To have a functioning group of Christian believers within walking distance of at least 90% of the Roma people in Serbia.

Our main work emphasis is based on what we believe to be the greatest need (outside of everyone knowing Jesus as Savior) in the Roma community in Serbia, which is raising Godly, dedicated, forward thinking, fully committed leaders, both young and old. Whether you go with us, contribute to Linking Partners in support of our ministry, or hold us up in prayer, you are making this happen!


“My parents, grandparents, etc. were in this shape, so I am destined to also be this way.” One of the greatest helps for the Roma in Serbia will be to aid in eliminating this thinking process. There are many real humanitarian needs in nearly every Roma community, we must meet those needs with the resources you make available to us.

In light of the need and the limitations of our resources, one small thing that we are experimenting with this year is for every four dollars we spend in our core work of raising up leaders we are planning to spend one dollar on humanitarian aid, in areas where we are working to raise leaders. This is not a lot of money and will not go very far to meet the needs of hunger, clothing, etc. but hopefully it will do some good and convey to the Roma that we are concerned with the whole of their lives.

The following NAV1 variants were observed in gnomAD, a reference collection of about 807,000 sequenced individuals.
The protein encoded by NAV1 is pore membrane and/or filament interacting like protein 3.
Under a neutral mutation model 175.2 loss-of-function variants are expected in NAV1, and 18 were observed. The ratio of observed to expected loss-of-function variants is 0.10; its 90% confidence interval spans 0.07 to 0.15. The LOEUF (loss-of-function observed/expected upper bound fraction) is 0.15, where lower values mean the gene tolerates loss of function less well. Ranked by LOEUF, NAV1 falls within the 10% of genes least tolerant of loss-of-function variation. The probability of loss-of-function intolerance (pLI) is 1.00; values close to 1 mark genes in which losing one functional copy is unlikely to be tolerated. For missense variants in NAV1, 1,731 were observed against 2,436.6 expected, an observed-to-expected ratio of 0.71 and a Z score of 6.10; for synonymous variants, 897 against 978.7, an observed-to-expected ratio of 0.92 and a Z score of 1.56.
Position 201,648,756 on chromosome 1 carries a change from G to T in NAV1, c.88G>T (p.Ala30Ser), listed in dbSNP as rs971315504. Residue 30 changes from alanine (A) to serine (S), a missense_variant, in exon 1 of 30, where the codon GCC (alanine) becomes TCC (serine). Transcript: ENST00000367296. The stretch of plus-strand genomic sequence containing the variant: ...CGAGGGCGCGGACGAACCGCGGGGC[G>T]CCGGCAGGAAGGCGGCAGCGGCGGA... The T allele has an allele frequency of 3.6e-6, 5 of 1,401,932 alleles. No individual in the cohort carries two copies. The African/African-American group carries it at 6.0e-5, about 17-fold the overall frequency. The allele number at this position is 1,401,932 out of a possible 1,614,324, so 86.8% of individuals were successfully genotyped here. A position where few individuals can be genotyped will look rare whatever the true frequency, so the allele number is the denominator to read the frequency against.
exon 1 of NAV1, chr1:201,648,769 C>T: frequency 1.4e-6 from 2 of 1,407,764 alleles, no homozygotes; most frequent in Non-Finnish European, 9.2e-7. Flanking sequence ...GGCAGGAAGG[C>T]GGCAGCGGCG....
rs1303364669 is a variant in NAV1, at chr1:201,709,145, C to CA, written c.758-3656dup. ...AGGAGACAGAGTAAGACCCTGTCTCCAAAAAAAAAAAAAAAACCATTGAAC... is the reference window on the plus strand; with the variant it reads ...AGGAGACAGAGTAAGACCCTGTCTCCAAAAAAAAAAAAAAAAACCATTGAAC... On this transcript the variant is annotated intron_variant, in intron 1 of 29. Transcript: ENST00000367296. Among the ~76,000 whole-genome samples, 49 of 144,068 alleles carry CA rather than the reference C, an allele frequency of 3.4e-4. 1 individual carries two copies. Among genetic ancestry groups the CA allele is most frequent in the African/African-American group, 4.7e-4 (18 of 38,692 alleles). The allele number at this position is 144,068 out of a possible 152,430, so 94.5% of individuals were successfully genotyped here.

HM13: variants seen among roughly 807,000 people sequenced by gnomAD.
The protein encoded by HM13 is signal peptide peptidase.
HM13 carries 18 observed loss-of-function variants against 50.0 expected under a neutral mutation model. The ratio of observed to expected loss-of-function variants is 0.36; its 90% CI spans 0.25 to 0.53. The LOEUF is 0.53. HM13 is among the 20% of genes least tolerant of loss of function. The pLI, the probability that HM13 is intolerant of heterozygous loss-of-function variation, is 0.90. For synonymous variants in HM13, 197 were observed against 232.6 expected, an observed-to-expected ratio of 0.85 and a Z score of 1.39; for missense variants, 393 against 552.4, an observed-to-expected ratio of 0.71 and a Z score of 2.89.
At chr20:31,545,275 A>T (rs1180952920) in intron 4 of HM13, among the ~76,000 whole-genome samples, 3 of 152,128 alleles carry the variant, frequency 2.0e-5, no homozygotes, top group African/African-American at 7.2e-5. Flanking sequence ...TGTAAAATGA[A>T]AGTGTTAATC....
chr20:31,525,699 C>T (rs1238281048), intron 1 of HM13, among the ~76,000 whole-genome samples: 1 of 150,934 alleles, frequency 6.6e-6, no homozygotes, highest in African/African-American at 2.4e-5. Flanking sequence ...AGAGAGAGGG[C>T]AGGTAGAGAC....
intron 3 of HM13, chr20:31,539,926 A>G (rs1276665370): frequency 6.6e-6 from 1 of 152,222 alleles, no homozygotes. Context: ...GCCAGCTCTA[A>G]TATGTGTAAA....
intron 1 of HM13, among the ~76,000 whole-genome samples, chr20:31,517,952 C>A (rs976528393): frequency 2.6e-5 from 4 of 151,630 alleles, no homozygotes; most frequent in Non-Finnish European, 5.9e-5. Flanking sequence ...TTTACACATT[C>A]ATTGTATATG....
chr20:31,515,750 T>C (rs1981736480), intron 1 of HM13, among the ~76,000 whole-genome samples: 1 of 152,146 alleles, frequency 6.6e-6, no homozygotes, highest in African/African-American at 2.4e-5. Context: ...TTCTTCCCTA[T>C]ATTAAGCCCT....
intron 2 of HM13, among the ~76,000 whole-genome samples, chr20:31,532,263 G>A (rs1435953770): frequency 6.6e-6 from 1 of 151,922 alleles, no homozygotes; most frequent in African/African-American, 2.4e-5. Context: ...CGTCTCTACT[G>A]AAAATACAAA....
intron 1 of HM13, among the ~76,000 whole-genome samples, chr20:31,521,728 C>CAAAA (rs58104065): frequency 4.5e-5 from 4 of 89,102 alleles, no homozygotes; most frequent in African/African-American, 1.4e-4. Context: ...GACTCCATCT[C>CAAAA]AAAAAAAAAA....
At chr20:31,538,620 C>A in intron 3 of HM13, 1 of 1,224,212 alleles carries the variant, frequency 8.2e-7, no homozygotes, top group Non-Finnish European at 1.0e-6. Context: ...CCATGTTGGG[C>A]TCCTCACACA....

Some on our team recently read a book titled When Helping Hurts: How to Alleviate Poverty Without Hurting the Poor . . . and Yourself by Steve Corbett and Brian Fikkert with a forward by David Platt. We learned a lot from the book and many of our projects toward breaking the cycle of poverty follow principles outlined in this book.


“I would like to grow blueberries.” “I have a plan to cut and split wood and deliver it to people in Prokuplje for heating in winter.” The significance of these statements may be lost on many, but in the Roma community, it is a miracle to see the light of hope come into men’s eyes as they realize someone is supporting their dream. You can contribute to these dreams by supporting.

Teach A Man to Fish.

“Yes we Can” is a slogan that has been used by political and secular groups around the world to convey the attitude that nothing is impossible. We will be encouraging this attitude in everything we do in Serbia, but at the start we will be exposed to a very small population. This is something that the secular Roma community can promote by keeping it before their people. It could be different words but the underlying principle is for us not to sit and wait for someone else to meet our needs but to start, even in a small way, to meet them ourselves. This is one of our goals in our Teach a Man to Fish program.


It’s like a soccer game. The 22 players on the field are doing all the participation. The hundreds and thousands in the stands are passively sitting and being entertained. The vast majority in the stands would not even think of going down to the field and actually playing the game. We need active participants!

Meeting in homes keeps the groups small. The dynamics of a small group (20 or less) as opposed to larger groups leads to the creation a different type of Christians for each method. The larger groups, as a norm, produce spectators. The smaller groups produce participants.